Linux Commands

How to Find and Delete Files in Linux

This tutorial explains how to combine the Linux find command with others to search and delete the files with a single command execution.

After reading this tutorial, you will know how to simplify the task of removing the files in Linux using different techniques. This tutorial is optimized for both new and experienced users, going straight to the practical point and explaining every aspect. I encourage you to practice all examples given in order to incorporate this knowledge. Just be careful with the content you delete.

This article includes the screenshots of every step, making it easy for all the Linux users to apply them.

Finding and Deleting Files in Linux

This section explains the different techniques to find the files and delete them on the fly with a single command or with commands combination.

To begin, let’s see what is in the home directory by using the ls (List) command.


As you can see in the previous figure, there are several files and directories. Among them, we can see the 1.txt, 2.txt and 3.txt.

We can use the find command followed by the file type, the file name, and the –delete option.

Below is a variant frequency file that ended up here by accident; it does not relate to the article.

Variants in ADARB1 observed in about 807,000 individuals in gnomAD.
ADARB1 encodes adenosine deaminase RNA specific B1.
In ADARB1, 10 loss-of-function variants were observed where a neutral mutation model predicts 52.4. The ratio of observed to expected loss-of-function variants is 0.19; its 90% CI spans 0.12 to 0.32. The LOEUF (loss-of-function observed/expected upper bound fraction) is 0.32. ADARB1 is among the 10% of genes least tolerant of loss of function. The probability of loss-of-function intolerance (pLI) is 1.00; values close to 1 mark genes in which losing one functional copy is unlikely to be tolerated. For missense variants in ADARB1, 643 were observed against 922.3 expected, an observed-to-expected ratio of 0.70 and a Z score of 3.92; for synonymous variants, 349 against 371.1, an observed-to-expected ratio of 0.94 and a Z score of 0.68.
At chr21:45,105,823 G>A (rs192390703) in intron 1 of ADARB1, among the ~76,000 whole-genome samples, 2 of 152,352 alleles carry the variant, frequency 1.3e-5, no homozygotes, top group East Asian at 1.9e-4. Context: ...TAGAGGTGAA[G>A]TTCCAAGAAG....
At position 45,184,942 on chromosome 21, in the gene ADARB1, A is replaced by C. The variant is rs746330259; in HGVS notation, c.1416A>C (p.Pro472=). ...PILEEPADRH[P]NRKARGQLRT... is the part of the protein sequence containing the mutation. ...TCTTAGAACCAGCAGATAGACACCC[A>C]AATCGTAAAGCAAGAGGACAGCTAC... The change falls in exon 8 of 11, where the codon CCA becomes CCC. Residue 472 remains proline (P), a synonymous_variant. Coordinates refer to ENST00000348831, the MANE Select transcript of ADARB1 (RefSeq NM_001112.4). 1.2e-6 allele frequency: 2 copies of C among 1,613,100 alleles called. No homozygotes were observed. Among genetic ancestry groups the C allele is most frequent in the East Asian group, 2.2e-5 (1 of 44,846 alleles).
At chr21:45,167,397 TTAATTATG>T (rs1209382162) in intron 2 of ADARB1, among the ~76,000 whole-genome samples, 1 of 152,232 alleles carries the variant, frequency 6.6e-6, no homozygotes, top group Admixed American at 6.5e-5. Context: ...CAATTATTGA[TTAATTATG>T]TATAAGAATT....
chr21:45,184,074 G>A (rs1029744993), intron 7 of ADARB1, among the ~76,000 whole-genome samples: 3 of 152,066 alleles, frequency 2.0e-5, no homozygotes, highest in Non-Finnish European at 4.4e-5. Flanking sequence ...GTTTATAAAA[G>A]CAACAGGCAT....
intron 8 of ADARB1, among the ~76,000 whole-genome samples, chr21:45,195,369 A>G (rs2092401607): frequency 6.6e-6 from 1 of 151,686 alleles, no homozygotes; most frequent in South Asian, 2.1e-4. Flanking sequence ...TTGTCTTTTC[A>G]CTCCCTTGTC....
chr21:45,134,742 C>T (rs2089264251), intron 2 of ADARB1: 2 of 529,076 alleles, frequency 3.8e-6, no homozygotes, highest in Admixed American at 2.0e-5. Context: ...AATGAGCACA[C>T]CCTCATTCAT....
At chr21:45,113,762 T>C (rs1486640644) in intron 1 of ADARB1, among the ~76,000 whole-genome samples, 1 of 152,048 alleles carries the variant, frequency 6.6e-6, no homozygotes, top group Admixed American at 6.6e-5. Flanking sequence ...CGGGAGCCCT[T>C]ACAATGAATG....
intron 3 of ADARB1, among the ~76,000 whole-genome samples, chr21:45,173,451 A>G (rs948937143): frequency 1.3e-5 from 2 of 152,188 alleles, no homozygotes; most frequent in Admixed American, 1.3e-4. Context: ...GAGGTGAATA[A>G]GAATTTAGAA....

But in the following example, we will not remove a specific file but all the files with the “.txt” extension.

find . -type f -name "*.txt" -delete


  • find: The find command is evidently used to search the files.
  • . (Dot): The dot after the find command specifies that the operation must be done within the current directory. Our case is in the home directory, therefore this dot is equal to /home/user.
  • -type f: This option specifies what files we want to find. In case you want to search the directories, replace the f with a d.
  • -name: This is the option to specify the file/directory target. This option must be typed before the file/directory name to define it.
  • “*.txt”: In this particular case, we search all the “.txt” files that we specify by typing “*.txt”.
  • -delete: This option instructs the find command to delete the found files.

As you can see in the previous screenshot, after executing the ls command again, the txt files don’t show up. They were removed by the previously executed command.